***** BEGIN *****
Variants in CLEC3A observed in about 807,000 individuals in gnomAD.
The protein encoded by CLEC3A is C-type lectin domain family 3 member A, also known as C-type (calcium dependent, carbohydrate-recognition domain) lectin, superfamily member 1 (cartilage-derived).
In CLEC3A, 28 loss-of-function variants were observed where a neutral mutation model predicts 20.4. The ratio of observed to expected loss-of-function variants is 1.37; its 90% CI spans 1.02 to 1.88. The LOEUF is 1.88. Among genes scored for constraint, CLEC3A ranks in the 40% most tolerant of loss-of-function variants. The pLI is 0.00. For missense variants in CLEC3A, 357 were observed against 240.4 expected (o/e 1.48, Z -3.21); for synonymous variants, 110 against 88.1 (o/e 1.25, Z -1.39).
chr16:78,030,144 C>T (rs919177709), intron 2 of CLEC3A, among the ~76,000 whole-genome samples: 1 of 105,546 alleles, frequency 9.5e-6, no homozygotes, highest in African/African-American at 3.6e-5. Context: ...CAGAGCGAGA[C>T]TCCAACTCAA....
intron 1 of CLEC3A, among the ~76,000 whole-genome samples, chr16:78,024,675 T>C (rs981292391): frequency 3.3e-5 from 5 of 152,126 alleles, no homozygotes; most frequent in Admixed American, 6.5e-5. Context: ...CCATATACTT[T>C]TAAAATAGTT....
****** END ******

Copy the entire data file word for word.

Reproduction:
Variants in CLEC3A observed in about 807,000 individuals in gnomAD.
The protein encoded by CLEC3A is C-type lectin domain family 3 member A, also known as C-type (calcium dependent, carbohydrate-recognition domain) lectin, superfamily member 1 (cartilage-derived).
In CLEC3A, 28 loss-of-function variants were observed where a neutral mutation model predicts 20.4. The ratio of observed to expected loss-of-function variants is 1.37; its 90% CI spans 1.02 to 1.88. The LOEUF is 1.88. Among genes scored for constraint, CLEC3A ranks in the 40% most tolerant of loss-of-function variants. The pLI is 0.00. For missense variants in CLEC3A, 357 were observed against 240.4 expected (o/e 1.48, Z -3.21); for synonymous variants, 110 against 88.1 (o/e 1.25, Z -1.39).
chr16:78,030,144 C>T (rs919177709), intron 2 of CLEC3A, among the ~76,000 whole-genome samples: 1 of 105,546 alleles, frequency 9.5e-6, no homozygotes, highest in African/African-American at 3.6e-5. Context: ...CAGAGCGAGA[C>T]TCCAACTCAA....
intron 1 of CLEC3A, among the ~76,000 whole-genome samples, chr16:78,024,675 T>C (rs981292391): frequency 3.3e-5 from 5 of 152,126 alleles, no homozygotes; most frequent in Admixed American, 6.5e-5. Context: ...CCATATACTT[T>C]TAAAATAGTT....